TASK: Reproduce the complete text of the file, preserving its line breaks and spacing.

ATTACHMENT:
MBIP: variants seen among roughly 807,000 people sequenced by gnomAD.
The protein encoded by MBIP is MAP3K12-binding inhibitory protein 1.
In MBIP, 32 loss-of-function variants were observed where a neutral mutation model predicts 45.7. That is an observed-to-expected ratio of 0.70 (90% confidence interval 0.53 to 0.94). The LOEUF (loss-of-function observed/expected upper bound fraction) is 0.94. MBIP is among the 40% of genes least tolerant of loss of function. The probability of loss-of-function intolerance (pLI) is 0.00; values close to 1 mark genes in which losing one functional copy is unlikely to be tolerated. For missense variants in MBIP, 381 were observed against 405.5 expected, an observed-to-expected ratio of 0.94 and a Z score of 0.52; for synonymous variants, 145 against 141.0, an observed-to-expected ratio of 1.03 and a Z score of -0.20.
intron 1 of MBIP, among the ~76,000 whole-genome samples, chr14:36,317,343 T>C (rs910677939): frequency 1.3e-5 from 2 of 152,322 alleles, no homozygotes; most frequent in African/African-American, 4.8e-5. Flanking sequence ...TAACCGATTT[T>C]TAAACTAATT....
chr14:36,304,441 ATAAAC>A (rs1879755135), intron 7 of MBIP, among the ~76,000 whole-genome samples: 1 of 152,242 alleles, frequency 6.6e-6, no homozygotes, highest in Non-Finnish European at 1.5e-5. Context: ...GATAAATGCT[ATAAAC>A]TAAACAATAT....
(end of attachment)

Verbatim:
MBIP: variants seen among roughly 807,000 people sequenced by gnomAD.
The protein encoded by MBIP is MAP3K12-binding inhibitory protein 1.
In MBIP, 32 loss-of-function variants were observed where a neutral mutation model predicts 45.7. That is an observed-to-expected ratio of 0.70 (90% confidence interval 0.53 to 0.94). The LOEUF (loss-of-function observed/expected upper bound fraction) is 0.94. MBIP is among the 40% of genes least tolerant of loss of function. The probability of loss-of-function intolerance (pLI) is 0.00; values close to 1 mark genes in which losing one functional copy is unlikely to be tolerated. For missense variants in MBIP, 381 were observed against 405.5 expected, an observed-to-expected ratio of 0.94 and a Z score of 0.52; for synonymous variants, 145 against 141.0, an observed-to-expected ratio of 1.03 and a Z score of -0.20.
intron 1 of MBIP, among the ~76,000 whole-genome samples, chr14:36,317,343 T>C (rs910677939): frequency 1.3e-5 from 2 of 152,322 alleles, no homozygotes; most frequent in African/African-American, 4.8e-5. Flanking sequence ...TAACCGATTT[T>C]TAAACTAATT....
chr14:36,304,441 ATAAAC>A (rs1879755135), intron 7 of MBIP, among the ~76,000 whole-genome samples: 1 of 152,242 alleles, frequency 6.6e-6, no homozygotes, highest in Non-Finnish European at 1.5e-5. Context: ...GATAAATGCT[ATAAAC>A]TAAACAATAT....